by Lisa McIntosh

The pulpit is empty come Sunday morning. The manse is unoccupied. (I write figuratively, of course, as pulpits are used far less these days for preaching and some pastors do not live in manse accommodation).

Like dozens of others around the LCANZ, this congregation is without a pastor.

And the pastoral ’vacancy’ rate across our churches, schools and aged-care communities is climbing, with a larger cohort of pastors reaching retirement age together than ever before and fewer people studying for ordained ministry.

Along with falling memberships and decreasing attendance at worship in many parishes, some commentators would suggest our church worker shortage is another symptom of a dying church.

But is that it for our Lutheran family and some other Christian denominations across Australia and New Zealand?

Or is God calling us to open our hearts to see how he ‘is doing a new thing’ (Isaiah 43:19)? Is he hoping we’ll seek his guidance and trust in his provision, as we work for his kingdom with whatever support and skills he gives in each place and for each season?

Could he be coaxing us to lay down our fears, turn our focus outwards and get on with being gospel-sharers among our faith communities and, crucially, in the world around us?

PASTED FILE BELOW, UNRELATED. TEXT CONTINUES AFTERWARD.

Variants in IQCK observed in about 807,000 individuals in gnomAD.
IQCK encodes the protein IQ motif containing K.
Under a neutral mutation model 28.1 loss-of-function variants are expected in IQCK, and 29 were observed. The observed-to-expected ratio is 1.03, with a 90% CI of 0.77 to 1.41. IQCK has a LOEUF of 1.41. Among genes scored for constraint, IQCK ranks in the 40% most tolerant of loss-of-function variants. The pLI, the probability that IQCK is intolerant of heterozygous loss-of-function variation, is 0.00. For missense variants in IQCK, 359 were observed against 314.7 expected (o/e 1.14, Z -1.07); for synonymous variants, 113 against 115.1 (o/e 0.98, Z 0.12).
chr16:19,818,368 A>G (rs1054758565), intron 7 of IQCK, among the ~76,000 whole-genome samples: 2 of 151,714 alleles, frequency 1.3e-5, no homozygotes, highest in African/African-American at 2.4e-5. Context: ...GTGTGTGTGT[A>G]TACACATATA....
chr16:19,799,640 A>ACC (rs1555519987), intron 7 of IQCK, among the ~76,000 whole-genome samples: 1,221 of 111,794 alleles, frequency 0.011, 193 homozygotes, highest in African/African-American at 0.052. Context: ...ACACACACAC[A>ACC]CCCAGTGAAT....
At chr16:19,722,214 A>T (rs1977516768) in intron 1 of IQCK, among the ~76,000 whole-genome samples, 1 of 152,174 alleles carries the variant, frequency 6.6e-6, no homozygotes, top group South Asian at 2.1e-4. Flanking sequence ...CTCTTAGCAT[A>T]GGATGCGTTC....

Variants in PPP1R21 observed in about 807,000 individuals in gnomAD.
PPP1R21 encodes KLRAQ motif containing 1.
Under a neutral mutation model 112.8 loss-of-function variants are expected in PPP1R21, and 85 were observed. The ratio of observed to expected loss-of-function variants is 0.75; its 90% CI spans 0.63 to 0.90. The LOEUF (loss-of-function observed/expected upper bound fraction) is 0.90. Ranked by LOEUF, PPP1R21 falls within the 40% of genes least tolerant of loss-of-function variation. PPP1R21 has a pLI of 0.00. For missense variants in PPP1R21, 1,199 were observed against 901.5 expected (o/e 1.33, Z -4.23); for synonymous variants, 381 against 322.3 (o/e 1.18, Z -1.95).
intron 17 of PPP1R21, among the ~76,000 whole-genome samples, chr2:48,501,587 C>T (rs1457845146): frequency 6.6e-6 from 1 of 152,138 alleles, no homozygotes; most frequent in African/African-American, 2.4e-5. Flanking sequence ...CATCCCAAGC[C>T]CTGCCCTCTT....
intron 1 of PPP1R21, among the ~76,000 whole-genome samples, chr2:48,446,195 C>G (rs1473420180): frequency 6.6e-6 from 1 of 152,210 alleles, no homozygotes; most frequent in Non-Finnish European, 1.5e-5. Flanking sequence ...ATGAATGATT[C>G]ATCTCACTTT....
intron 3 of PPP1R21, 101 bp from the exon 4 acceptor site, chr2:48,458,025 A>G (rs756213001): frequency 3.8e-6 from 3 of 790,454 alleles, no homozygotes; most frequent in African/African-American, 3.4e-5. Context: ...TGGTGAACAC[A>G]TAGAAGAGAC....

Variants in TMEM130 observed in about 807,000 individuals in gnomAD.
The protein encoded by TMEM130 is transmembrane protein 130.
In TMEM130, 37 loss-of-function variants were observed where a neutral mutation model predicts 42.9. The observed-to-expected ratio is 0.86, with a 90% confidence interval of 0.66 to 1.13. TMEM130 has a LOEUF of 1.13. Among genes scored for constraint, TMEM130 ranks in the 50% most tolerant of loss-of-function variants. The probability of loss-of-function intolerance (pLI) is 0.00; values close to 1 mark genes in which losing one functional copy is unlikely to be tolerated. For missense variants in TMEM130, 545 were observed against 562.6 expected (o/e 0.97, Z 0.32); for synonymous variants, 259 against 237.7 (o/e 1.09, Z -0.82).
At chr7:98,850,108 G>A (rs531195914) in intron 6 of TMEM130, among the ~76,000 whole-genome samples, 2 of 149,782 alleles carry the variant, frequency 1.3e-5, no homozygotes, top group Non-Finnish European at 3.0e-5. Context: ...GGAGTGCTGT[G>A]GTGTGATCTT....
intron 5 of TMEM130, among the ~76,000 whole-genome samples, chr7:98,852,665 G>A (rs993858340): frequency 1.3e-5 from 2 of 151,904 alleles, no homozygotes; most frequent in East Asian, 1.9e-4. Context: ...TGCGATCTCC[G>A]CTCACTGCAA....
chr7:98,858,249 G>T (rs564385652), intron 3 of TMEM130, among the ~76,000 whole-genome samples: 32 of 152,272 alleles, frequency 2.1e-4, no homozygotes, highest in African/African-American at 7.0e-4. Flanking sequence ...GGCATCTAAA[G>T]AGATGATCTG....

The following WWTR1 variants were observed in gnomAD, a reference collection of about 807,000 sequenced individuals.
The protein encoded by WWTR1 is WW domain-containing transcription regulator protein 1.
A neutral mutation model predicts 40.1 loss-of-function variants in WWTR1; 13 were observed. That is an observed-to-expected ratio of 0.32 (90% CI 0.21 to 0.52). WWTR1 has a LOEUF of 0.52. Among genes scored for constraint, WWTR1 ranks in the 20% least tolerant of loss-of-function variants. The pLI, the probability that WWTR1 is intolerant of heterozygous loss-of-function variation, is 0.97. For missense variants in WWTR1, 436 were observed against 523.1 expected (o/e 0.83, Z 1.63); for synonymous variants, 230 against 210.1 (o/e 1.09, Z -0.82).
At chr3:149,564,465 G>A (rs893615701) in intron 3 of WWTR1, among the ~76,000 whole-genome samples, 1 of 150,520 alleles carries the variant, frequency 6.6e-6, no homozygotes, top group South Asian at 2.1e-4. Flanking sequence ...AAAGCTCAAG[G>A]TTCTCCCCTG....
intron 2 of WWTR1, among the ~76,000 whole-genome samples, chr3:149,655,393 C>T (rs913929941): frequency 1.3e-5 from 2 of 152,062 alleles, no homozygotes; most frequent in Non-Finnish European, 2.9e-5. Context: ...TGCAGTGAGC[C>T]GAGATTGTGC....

No matter where we are, how small our worship community may be, or how dispirited we may feel about not being able to ‘attract’ or finance a pastor, we are not alone. As the South Australia – Northern Territory District’s Assistant Bishop for Mission, Pastor Stephen Schultz, says, congregations in vacancy may be without a pastor, but they are never without a shepherd.

‘One thing I usually do at pre-call meetings is to ask people how many vacancies there are in the LCANZ currently’, he says. ‘Once they have a stab at guessing, I tell them there are zero vacancies in the LCANZ – at which point they look at me as though I have lost my mind!

‘I then tell them that Jesus is the head of the church, of every congregation, and that he hasn’t retired or accepted a call elsewhere. They may have a pastoral vacancy, but the chief shepherd/pastor of the church is still very much in office and at work among them.’ Capitalising on Jesus’ ever-present and ongoing work among all our faith families, the LCANZ, its districts, parishes and congregations are endeavouring to meet worship and ministry needs in a wider range of ways than before.

As well as increasing support for lay readers and ministry coordinators, these include having more approved lay people licensed for word and sacrament ministry; identifying members to become Specific Ministry Pastors in their local context; and considering shared church worker, administration and lay leadership support and ministries across regions. These benefits can also come within multi-site churches whose locations may be geographically distant but which have common values and mission goals. An example of this is LifeWay Lutheran Church in New South Wales.

Even with these and other ‘strategies’, our pastoral shortage will remain. But perhaps through it, we can pray that God will show us how we can all minister to and care for others.

Already a subscriber? Click here to login and read this article.
Not a subscriber? Click here to receive stories & upcoming issues in full